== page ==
Thunderclap Headache vs. Migraine

There are 3 main differences between a thunderclap headache and a migraine headache.

  1. Thunderclap headaches will be the worst headache pain you have ever experienced. Migraines are painful, but not as painful.
  2. Thunderclap headaches may recur in some cases, but migraines are much more likely to be a persistent issue.
  3. Migraines sometimes present with “aura”. Aura is a set of mainly visual symptoms, including flashing lights and dark spots. Thunderclap headaches do not present with aura.

Only a medical professional can diagnose whether your headache pain is a thunderclap headache or a migraine. But these 3 differences can give you a good idea of what to expect.

Complications & Other Conditions

Thunderclap headaches may be the symptom of a much more serious condition.

These are the complications that may occur or worsen when a thunderclap headache goes undiagnosed or untreated:

  • Recurrent thunderclap headaches
  • Severe pain
  • Issues in late-term pregnancy
  • Stroke
  • Death

How to Prevent Thunderclap Headaches

The most common cause of thunderclap headaches is blood vessel problems. The best way to prevent thunderclap headaches may be to keep your cardiovascular system in great shape.

Easy methods to maintain cardiovascular health, and therefore prevent TCH:

  • Exercise (at least 30 minutes of cardio 5 days a week)
  • Healthy diet (low in trans fat and sugars)
  • Manage stress
  • Do not drink excessive alcohol
  • Quit smoking

Because several possible TCH causes involve the spine, chiropractic care may also prove to be a useful prevention technique, particularly if you are already at risk.

Looking to the Future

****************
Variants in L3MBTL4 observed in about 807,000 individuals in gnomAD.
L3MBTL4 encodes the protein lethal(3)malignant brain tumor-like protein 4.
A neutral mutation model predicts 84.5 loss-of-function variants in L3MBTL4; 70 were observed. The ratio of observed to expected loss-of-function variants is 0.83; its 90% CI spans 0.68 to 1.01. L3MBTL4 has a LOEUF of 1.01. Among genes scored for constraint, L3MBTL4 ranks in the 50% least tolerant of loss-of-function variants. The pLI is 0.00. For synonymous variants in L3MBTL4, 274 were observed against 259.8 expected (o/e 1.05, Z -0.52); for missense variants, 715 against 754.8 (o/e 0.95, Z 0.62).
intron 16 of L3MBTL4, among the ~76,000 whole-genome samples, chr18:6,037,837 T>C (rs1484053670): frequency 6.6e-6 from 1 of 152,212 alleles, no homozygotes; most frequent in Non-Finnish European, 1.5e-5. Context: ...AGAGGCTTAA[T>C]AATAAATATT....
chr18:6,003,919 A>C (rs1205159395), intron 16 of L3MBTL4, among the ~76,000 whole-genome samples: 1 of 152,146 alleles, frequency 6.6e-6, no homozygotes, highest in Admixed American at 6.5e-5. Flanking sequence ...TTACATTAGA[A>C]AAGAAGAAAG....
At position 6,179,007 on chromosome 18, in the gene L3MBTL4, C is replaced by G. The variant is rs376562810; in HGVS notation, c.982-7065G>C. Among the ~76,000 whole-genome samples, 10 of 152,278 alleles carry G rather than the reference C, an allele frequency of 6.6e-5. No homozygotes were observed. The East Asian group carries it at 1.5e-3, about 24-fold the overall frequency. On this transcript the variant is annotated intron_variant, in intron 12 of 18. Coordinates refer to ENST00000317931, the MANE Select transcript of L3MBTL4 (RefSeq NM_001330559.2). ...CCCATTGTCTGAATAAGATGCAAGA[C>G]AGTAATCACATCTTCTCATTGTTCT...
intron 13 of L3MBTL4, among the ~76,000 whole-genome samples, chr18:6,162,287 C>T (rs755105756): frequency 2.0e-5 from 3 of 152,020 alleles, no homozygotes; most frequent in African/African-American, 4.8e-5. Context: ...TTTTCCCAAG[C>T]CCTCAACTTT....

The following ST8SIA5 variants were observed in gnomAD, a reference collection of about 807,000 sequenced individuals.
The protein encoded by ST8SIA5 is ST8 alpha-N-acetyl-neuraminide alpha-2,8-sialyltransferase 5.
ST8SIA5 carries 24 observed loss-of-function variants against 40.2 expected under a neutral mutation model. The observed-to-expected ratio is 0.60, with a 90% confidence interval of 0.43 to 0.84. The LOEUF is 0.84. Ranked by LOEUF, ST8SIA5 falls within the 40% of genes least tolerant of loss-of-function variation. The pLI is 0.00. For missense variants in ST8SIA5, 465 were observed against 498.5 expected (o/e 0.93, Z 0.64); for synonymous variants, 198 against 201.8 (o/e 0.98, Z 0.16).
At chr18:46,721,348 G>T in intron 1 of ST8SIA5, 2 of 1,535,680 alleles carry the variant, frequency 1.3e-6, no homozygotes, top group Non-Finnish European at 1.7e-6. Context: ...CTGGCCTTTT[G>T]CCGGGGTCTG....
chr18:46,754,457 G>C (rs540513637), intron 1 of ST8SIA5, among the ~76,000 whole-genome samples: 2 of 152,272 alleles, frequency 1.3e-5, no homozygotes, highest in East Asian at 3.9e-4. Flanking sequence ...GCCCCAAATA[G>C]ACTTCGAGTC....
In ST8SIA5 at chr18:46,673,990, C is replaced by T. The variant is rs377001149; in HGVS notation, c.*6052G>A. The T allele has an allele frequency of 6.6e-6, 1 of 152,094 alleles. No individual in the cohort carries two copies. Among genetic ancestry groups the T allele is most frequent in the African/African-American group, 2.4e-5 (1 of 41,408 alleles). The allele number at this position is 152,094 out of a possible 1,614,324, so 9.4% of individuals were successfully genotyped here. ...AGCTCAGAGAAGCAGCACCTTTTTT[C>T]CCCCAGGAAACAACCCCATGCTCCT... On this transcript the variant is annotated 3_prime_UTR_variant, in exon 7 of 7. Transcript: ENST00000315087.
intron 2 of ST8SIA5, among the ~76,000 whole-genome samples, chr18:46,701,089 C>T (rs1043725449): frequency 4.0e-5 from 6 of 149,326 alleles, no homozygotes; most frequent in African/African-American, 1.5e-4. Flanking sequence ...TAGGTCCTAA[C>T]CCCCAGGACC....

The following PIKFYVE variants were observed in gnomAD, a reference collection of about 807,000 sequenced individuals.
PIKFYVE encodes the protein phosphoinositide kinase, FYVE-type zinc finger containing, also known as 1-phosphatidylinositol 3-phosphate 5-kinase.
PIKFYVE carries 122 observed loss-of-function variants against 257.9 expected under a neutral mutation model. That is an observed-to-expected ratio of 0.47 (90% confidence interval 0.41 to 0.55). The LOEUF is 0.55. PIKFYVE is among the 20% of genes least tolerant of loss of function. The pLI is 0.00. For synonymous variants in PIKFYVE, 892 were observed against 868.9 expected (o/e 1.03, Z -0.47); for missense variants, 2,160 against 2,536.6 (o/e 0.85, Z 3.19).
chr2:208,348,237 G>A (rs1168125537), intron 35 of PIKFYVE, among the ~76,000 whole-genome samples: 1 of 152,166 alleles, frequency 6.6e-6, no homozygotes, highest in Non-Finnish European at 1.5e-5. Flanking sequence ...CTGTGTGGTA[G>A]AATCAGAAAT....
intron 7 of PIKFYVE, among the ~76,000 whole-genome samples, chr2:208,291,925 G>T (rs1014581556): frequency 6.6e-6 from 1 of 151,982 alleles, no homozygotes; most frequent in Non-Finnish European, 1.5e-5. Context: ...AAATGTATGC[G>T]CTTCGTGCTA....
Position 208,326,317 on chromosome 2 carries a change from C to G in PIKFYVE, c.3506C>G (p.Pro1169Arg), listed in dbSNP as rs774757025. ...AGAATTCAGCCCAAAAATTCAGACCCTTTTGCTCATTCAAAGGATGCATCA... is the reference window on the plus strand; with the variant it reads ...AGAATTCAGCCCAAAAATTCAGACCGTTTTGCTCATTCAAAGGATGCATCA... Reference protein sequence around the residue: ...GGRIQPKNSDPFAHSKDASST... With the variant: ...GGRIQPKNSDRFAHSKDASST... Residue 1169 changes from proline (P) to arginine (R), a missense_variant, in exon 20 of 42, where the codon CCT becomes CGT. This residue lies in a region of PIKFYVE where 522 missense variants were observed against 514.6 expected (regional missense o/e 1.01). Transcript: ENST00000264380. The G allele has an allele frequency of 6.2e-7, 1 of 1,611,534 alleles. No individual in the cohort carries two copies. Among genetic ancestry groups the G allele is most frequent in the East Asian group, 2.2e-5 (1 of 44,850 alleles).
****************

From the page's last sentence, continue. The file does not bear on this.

If you or a loved one have a thunderclap headache, seek immediate medical attention at your local ER. A healthcare professional must determine whether it was caused by a stroke or another condition.

If you discover your headache is not a thunderclap headache, consider seeking chiropractic care for non-TCH headache pain. Migraines, in particular, can often be reversed by upper cervical chiropractic care.

At Denver Upper Cervical Chiropractic, we work with patients and employ gentle upper spine manipulation to work wonders for your quality of life. Click here to make an appointment!

  1. Yeh, Y. C., Fuh, J. L., Chen, S. P., & Wang, S. J. (2010). Clinical features, imaging findings and outcomes of headache associated with sexual activity. Cephalalgia30(11), 1329-1335. Abstract:
  2. Ferrante, E., Tassorelli, C., Rossi, P., Lisotto, C., & Nappi, G. (2011). Focus on the management of thunderclap headache: from nosography to treatment. The journal of headache and pain12(2), 251. Full text:
  3. Yang, C. W., & Fuh, J. L. (2018). Thunderclap headache: an update. Expert review of neurotherapeutics18(12), 915-924. Abstract:
  4. Valença, M. M., Andrade-Valença, L. P., Bordini, C. A., & Speciali, J. G. (2008). Thunderclap headache attributed to reversible cerebral vasoconstriction: view and review. The journal of headache and pain9(5), 277-288. Full text:
  5. Schwedt TJ. (2015). Thunderclap headache. CONTINUUM: Lifelong Learning in Neurology21(4), 1058-1071. Abstract:
  6. Zhang, L. M., Ren, L., Zhao, Z. Q., Zhao, Y. R., Zheng, Y. F., & Zhou, J. L. (2017). Surgical treatment for bacterial meningitis after spinal surgery: A case report. Medicine96(11). Full text:
  7. Makino, T., Kamitsukasa, I., & Ito, S. (2017). Reversible cerebral vasoconstriction syndrome due to atovaquone. Case reports in neurology9(3), 304-308. Full text:
  8. Garza, I., & Black, D. F. (2006). Persistent primary thunderclap headache responsive to gabapentin. The journal of headache and pain7(6), 419-421. Full text: